The Indian economy reported its worst quarterly performance in the first quarter of the current fiscal as the coronavirus-led nationwide lockdown disrupted activities across manufacturing, construction and service sectors like hotels and transportation. India's GDP contracted by a record 23.9 per cent to Rs 26.90 lakh crore in April-June period of the financial year 2020-21, compared to compared to Rs 35.35 lakh crore in the corresponding period last year. This is the worst quarterly GDP numbers ever recorded since India started compiling GDP data on quarterly basis in 1996.
The economic performance was dented by sharp de-growth in three key production sub-sectors, namely 'manufacturing', 'construction', and 'trade, hotels, transport, communication and services related to broadcasting'. These sub-sectors, which account for as much as 45 per cent of India's GDP, suffered massive disruption during the lockdown period. Restrictions were in place on activities in these sectors during April, which were gradually lifted.
As per the data released by the National Statistical Office (NSO) under Ministry of Statistics and Programme Implementation, manufacturing, construction and trade sectors reported massive slump of 39.3 per cent, 50.3 per cent, and 47 per cent, respectively. These sectors were impacted by tight liquidity conditions and an overall slowdown in government spending on infrastructure development activities.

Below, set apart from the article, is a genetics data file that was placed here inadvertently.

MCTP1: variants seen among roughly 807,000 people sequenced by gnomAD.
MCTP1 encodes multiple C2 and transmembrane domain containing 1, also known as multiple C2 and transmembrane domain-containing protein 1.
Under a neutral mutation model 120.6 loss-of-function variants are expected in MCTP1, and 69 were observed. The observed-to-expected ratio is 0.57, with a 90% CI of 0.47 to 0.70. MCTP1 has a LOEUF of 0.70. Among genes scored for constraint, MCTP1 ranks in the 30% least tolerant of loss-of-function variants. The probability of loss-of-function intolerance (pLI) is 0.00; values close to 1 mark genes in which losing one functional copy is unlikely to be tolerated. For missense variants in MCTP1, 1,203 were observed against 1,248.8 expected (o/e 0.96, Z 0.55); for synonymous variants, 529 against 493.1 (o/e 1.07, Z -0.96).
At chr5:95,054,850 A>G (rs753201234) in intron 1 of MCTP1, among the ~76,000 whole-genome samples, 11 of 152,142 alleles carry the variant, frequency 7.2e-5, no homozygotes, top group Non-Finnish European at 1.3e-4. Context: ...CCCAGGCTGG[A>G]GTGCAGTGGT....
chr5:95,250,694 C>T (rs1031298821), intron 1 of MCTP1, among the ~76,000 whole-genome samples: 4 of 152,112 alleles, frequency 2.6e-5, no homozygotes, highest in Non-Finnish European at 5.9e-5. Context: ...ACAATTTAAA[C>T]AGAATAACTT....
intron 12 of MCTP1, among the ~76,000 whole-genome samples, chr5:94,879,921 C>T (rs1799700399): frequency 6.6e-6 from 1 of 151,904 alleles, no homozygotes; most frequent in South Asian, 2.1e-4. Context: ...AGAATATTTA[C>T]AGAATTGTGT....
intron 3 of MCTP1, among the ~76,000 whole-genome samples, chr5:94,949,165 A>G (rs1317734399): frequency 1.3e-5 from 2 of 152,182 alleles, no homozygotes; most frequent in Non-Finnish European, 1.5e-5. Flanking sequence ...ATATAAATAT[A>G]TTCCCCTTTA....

Agriculture was the only sector that reported positive growth of 3.4 per cent on the back of good monsoon and robust kharif sowing and rabi production.
"Production side was pulled down by deep contraction in manufacturing, construction, and trade, hotel, transport sectors while the expenditure side was clearly pushed lower by heavy contraction both in consumption and investment. Going forward, given the gradual improvement in activity indicators (remaining well below pre-COVID levels) the growth recovery will be gradual and contracting for all quarters in FY2021," said Suvodeep Rakshit, Vice President and Senior Economist at Kotak Institutional Equities.
Going ahead, the growth recovery will depend on the COVID spread and removal of localised lockdowns. The choice for the government will be on whether the consumption or the investment side needs to be pushed. Given the limited fiscal space and the need to stimulate a more durable growth, the growth recovery will be gradual and is likely to continue into H1 FY22, Rakshit added.